trina
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said this on
22 Aug 2010 2:53:13 PM PDT
Good general feedback which may seem overwhelming to see 4.8 yr but to know 'celiacs' is good.




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Learn more about testing for celiac disease here: http://www.cureceliacdisease.org/screening/ You do have to be on a gluten diet for ANY of the celiac tests (blood and biopsy) to work. While the endoscopy (with biopsies) can reveal villi damage, many other things besides celiac disease can cause villi damage too: http://www.cureceliacdisease.org/faq/what-else-can-cause-damage-to-the-small-intestine-other-than-celiac-disease/ So, both the blood test and endoscopy are usually ordered. There are some exceptions, but those are not common.

Exactly what are your allergy symptoms? Were they IgG or IgE? Allergy testing as a whole is not super accurate -- especially the IgG. Were you on any H1 or H2 antihistamines for the last five days when you were tested? As far as celiac testing, four days without consuming gluten probably would not impact testing.

I've been seeing my dr for a few weeks now about my stomach issues. We've ruled out the gallbladder and h-pylori and today I had the celiac blood tests done. From the reading I've done the past two days, it seems to me that it's highly likely that I have it. I've had digestive issues for years, but they've gotten progressively worse over the past 6 months or so. Pain and nausea when eating, bloat, eternal constipation, dh rash, at it's worse, tight cramp-like pain in a fist under my sternum, radiating through my back and around my right side keeping me up at night. Also heartburn/reflux and trouble swallowing, etc. Anyway, about 2 months ago, I needed a change. I didn't go to the dr immediately because it seemed pointless. (I've mentioned stomach ache when eating to drs before and been blown off.) So, I started the Whole30 elimination diet (takes out soy, grains, dairy, peanuts, and leaves you basically eating meat & veggies). Figured it would show me what I needed to take out of my diet and hopefully feel better. It worked- I felt great! And it seems that grains and gluten are my biggest offenders. But, now I've been off gluten prior to celiac testing. It's been 7 weeks. After 4 weeks I tested steal cut oats, that I later found out were probably glutened. And then nothing until yesterday. Yesterday I had 2 pieces of bread and a muffin and today I had two pieces of bread and then the blood test. Is this going to be enough to show up on the tests? My dr said that it would probably show up, since I had some yesterday and today and was currently having symptoms. But, google seems to say that I should be glutened for 2 wks straight before testing. Has anyone tested positive after just a little gluten? If it's negative should I insist on doing it again after weeks back on gluten? I feel awful, but do want clear answers. Obviously, gluten's not going to be a part of my life any more either way.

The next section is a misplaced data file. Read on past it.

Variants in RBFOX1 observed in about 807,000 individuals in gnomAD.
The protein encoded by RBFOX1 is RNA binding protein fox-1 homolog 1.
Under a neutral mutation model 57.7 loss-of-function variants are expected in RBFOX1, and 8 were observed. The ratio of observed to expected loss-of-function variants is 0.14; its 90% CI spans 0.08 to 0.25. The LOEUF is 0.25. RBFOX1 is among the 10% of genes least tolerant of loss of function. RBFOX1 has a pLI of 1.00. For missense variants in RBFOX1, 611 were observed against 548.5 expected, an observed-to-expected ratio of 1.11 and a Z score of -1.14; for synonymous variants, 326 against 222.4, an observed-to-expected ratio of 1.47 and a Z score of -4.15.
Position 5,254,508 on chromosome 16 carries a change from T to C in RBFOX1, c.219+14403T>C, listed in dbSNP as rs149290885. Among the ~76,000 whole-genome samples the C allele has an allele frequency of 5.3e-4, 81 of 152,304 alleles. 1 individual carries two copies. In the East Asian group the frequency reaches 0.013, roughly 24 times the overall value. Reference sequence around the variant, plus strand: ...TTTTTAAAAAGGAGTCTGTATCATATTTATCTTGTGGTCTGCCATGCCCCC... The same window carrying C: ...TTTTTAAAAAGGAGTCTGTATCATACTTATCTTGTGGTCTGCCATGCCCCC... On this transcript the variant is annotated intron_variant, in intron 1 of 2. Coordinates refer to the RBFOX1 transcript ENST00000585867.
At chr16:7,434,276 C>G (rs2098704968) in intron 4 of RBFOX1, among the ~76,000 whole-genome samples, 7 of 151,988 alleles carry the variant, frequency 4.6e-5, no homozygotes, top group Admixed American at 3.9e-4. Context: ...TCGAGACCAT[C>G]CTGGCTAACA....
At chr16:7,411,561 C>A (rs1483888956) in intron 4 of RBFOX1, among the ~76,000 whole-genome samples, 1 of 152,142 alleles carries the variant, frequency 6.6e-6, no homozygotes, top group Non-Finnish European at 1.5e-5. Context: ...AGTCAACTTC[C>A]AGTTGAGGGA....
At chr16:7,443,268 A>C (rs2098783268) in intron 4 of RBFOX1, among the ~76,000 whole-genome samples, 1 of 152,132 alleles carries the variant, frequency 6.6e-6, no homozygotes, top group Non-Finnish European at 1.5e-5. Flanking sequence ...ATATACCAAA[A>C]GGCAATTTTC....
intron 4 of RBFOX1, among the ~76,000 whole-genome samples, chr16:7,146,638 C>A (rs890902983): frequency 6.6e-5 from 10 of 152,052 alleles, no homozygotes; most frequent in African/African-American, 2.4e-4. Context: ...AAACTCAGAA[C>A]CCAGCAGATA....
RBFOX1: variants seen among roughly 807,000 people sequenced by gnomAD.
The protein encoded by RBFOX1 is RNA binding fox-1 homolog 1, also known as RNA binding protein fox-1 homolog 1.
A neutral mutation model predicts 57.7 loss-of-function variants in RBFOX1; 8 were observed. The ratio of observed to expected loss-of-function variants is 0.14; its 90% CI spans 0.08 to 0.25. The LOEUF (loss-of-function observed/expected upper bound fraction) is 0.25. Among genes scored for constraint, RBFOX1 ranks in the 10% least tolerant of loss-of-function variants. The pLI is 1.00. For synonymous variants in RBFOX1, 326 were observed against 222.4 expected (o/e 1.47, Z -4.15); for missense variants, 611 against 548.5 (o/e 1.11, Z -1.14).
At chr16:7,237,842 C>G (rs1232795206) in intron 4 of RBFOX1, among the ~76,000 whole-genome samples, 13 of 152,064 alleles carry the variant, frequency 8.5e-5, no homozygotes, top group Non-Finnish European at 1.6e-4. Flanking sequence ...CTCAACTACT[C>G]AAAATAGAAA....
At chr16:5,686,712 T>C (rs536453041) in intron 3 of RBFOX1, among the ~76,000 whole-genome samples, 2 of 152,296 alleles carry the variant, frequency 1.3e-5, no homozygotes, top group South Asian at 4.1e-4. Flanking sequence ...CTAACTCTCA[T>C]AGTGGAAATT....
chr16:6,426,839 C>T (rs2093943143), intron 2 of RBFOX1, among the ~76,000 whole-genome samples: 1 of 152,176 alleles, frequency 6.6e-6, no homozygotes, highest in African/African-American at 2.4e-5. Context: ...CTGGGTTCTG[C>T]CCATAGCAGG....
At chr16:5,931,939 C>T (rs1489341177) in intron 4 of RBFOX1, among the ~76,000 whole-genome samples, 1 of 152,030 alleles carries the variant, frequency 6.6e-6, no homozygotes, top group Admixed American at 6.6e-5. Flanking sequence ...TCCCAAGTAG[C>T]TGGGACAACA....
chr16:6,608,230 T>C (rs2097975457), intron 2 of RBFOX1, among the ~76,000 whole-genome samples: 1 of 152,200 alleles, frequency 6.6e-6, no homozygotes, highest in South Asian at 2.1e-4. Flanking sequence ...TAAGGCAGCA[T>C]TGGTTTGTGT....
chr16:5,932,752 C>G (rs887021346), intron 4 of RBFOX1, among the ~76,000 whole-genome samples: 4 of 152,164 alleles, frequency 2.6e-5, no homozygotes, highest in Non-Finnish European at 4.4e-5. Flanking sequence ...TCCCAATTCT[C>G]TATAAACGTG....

So just to clarify had not consumed any gluten for about 4 days before testing. I was assured by my allergist that it wouldn't affect the test. But what was alarming was that she retested my food allergies (my most recent reaction was two weeks ago) and every food allergy I have came back negative. I don't understand how that is possible. These food allergies developed when I was 20 and I am almost 24 now.

Thanks! You too! I have learned from this experience to take charge of my own health. It's nice at least that we can try the gluten-free treatment without a firm diagnosis or a doctor confirming the disease. I've also felt some of the gluten withdrawal symptoms, and my stomach pain ebbs and flows, but I'm determined to stick with the gluten-free diet to see what a difference it makes. Gemini, thank you! This was really validating and useful for me to hear. I've felt so confused through this process and just want some answers. If the biopsy results do come back negative, I'm going to follow your advice and do the gluten-free diet with repeat blood testing after a while. If they come back positive, well, then I'll have my answer. I'm supposed to get them back next week.